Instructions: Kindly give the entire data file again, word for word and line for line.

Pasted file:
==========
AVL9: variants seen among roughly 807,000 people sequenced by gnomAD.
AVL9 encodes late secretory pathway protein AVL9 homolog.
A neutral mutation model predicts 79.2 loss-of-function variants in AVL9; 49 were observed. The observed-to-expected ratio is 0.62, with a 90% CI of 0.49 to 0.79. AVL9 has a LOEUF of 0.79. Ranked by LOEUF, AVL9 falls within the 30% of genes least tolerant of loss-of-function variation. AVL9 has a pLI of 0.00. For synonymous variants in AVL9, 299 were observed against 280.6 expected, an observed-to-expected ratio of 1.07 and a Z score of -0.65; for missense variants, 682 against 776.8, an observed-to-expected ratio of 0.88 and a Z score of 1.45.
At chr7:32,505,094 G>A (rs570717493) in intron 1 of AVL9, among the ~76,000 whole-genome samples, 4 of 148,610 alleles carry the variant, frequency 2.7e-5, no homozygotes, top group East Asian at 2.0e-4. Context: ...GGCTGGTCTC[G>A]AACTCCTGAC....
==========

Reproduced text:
AVL9: variants seen among roughly 807,000 people sequenced by gnomAD.
AVL9 encodes late secretory pathway protein AVL9 homolog.
A neutral mutation model predicts 79.2 loss-of-function variants in AVL9; 49 were observed. The observed-to-expected ratio is 0.62, with a 90% CI of 0.49 to 0.79. AVL9 has a LOEUF of 0.79. Ranked by LOEUF, AVL9 falls within the 30% of genes least tolerant of loss-of-function variation. AVL9 has a pLI of 0.00. For synonymous variants in AVL9, 299 were observed against 280.6 expected, an observed-to-expected ratio of 1.07 and a Z score of -0.65; for missense variants, 682 against 776.8, an observed-to-expected ratio of 0.88 and a Z score of 1.45.
At chr7:32,505,094 G>A (rs570717493) in intron 1 of AVL9, among the ~76,000 whole-genome samples, 4 of 148,610 alleles carry the variant, frequency 2.7e-5, no homozygotes, top group East Asian at 2.0e-4. Context: ...GGCTGGTCTC[G>A]AACTCCTGAC....